The tortoise and the hare

You all know Aesop’s class tale of the race between the tortoise and the hare: At the starting gate, the hare picks up so much speed that it soon vanishes completely, while the tortoise plods on behind. Within sight of the finish line, however, when the hare looks backwards and realizes that the tortoise isn’t even in the same time zone, he decides to refresh himself with a little nap. As he sleeps, the tortoise, who has never slowed his steady pace, comes abreast of him, passes him and, before the hare has a chance to regroup, crosses the finish line, winning the race. Aesop’s moral: The race is not always to the swift.

Now tell me if that story doesn’t remind you of the current state of the Presidential race. Hillary and Obama, bickering all the way, were put on the fast track by the MSM. One after the other, each was anointed as the obvious successor to the disastrous George Bush. Neither could fail. Hillary had the unbeatable, overwhelming Clinton machine behind her; Obama had that indefinable charisma liberals lust after. McCain was shunted aside as an irrelevant old man.

Something interesting is happening, though. The bloom quickly faded from Hillary’s rose when the MSM fell in love with Obama. And while the MSM is still in love with Obama, Obama is struggling to deal with his own past. Absent any substantive political record, his associates and acolytes are coming under scrutiny, and it’s not a pretty picture. Whether he courted them or they courted him, they’re locked in an embrace on a pretty unappealing dance floor, and ordinary Americans are looking on Obama as an increasingly less attractive partner for a political romance.

Meanwhile, John McCain plods steadily on. He appears here, he appears there. He makes nice, quiet little speeches. He does what he has to do distance himself from George Bush, because he knows that, if he comes too close, he gets tarred with the BDS brush (or just with the “we’re sick of Bush in the White House after 8 painful years” brush.) As to this distancing, I’m betting that George Bush, being a gentleman, a pragmatist, and a politician, if he spoke with McCain, would say something along the lines of “Do what you have to do to win, Buddy-Boy. It won’t hurt my feelings.”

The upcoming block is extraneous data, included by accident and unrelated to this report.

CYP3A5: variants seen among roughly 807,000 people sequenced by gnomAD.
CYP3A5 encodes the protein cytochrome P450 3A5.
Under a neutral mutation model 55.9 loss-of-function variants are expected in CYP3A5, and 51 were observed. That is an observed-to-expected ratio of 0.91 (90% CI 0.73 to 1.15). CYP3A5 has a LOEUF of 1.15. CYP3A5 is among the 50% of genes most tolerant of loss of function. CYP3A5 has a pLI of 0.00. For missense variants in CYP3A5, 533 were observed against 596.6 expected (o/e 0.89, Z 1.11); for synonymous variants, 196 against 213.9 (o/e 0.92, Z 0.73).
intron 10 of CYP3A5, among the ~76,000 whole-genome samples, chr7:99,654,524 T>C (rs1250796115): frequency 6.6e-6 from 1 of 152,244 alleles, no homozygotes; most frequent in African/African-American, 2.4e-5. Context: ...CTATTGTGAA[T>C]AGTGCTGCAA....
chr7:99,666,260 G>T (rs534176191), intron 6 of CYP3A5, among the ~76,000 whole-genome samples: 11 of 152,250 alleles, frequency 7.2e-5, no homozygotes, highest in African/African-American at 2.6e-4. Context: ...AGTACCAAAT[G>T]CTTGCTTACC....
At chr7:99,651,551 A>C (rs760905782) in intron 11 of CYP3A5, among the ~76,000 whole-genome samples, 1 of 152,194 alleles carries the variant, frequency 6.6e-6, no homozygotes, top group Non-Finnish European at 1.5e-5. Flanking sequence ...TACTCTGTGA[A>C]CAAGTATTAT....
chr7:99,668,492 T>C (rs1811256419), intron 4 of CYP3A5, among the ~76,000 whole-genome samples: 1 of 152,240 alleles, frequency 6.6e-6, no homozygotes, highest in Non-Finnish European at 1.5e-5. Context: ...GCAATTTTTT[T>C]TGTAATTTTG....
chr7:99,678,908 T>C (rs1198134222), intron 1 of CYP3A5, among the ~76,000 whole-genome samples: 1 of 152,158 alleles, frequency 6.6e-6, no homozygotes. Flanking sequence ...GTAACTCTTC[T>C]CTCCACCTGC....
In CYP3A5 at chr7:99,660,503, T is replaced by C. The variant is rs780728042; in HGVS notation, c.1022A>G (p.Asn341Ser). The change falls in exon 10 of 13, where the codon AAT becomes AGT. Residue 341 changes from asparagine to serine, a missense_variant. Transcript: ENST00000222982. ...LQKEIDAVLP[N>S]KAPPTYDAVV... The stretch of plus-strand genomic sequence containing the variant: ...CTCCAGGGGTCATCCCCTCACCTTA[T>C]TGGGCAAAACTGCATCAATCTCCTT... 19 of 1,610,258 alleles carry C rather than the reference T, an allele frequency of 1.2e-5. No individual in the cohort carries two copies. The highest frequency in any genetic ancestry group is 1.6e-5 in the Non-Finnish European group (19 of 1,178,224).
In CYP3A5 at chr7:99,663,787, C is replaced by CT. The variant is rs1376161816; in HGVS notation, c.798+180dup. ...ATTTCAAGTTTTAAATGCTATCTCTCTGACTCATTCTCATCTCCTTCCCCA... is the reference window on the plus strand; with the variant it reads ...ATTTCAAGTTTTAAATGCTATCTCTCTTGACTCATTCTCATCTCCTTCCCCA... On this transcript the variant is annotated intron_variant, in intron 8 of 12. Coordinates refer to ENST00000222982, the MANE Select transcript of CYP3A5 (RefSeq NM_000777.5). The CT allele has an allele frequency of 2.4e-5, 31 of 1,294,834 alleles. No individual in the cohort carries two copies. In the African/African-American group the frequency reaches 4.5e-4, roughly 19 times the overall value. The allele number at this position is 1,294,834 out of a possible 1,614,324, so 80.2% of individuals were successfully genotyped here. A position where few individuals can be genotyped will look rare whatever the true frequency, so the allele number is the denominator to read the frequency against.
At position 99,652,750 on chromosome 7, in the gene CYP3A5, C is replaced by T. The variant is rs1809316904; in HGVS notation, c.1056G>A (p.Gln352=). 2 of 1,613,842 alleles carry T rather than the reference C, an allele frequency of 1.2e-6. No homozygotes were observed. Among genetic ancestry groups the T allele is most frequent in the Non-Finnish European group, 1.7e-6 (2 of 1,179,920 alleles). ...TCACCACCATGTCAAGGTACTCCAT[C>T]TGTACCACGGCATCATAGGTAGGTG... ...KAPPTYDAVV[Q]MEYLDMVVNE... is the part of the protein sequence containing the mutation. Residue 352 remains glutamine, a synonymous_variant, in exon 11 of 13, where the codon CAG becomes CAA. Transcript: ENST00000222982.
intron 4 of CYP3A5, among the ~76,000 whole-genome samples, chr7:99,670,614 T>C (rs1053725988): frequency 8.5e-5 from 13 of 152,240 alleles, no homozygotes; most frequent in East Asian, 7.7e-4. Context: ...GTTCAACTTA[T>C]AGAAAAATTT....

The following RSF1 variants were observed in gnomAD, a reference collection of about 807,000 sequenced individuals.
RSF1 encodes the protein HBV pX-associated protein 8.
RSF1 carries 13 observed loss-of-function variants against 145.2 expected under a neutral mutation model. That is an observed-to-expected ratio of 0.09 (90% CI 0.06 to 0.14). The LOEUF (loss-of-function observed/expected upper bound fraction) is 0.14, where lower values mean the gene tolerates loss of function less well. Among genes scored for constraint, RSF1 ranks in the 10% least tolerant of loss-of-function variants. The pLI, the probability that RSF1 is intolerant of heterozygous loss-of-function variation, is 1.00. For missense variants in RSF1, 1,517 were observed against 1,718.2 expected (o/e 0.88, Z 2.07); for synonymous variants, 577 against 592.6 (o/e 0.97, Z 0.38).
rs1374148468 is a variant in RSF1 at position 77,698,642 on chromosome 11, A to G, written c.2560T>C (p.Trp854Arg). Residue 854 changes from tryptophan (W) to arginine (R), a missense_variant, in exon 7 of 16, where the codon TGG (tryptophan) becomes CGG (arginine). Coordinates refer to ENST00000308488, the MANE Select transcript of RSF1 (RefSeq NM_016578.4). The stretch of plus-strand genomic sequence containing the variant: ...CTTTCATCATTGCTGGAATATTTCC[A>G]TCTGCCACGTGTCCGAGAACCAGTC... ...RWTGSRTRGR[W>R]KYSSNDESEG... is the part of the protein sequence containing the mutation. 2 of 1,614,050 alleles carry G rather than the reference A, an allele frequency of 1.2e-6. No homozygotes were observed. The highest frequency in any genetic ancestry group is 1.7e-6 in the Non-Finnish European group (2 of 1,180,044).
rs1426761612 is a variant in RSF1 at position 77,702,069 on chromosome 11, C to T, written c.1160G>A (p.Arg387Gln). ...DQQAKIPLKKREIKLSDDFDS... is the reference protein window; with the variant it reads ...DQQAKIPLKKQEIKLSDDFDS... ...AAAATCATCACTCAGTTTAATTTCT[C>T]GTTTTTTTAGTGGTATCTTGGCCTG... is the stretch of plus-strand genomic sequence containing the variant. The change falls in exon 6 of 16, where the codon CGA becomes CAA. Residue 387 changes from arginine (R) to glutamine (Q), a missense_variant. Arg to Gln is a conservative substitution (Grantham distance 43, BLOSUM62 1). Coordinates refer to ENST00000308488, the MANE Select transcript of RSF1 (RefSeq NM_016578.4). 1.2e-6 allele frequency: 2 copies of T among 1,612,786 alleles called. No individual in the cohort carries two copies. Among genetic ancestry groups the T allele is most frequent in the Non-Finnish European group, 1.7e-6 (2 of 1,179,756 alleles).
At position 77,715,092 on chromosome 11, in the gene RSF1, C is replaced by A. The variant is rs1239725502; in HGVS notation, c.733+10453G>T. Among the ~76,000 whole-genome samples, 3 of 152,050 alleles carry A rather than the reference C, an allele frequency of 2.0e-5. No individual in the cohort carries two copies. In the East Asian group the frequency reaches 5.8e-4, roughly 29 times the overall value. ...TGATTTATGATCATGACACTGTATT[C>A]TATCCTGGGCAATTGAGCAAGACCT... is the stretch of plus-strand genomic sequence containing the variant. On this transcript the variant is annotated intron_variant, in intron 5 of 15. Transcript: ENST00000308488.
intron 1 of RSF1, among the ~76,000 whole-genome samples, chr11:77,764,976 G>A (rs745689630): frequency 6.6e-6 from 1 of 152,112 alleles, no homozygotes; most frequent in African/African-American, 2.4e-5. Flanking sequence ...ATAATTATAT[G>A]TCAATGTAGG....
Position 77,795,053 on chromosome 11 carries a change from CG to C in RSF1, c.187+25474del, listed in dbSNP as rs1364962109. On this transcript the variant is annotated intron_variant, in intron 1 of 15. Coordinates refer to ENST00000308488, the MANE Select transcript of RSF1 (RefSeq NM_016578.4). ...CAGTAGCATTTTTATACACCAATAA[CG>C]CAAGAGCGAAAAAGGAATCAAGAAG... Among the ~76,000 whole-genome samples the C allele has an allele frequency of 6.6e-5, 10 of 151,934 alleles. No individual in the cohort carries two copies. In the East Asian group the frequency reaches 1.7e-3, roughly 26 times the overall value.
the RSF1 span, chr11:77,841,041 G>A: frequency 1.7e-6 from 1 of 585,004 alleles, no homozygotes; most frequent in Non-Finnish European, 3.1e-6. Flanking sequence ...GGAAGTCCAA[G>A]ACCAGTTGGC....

So, despite the fact that Hillary and Obama hurtled out of the starting gate, and have been helped with big, big pushes from their sycophants in the media, I’m wondering if they’re not going to be forced into something analogous to nap mode as they near the finish line. They’re being shackled by the garbage that’s being dug up about them, as well as by the fact that, under stress, his charm fails and her scolding increases. Meanwhile, McCain just keeps moving forward, slowly, steadily and, perhaps, inexorably.

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  • rockdalian

    You do have to marvel at both of their abilities to raise huge sums of money.
    Maybe by the time Obama is selected, the major donors will be at the cap limit.

  • Oldflyer

    McCain may not hurt GWB’s feelings, but I cannot say the same for me. Rationally, I know, or hope, that he has to be better than either of the alternatives. Intellectually, I had convinced myself that I needed to vote for him. But now I am figuratively grinding my teeth at the thought of marking a ballot beside his name.

    Standing in New Orleans and heaping trash on the Bush Administration one more time over Katrina is a hell of lot more than distancing himself from W. Attacking the North Carolina GOP for an ad that goes to the heart of Obama’s character is nothing more than pandering, I said pandering, to the left. That is what McCain does best. He panders and everyone call it playing the maverick.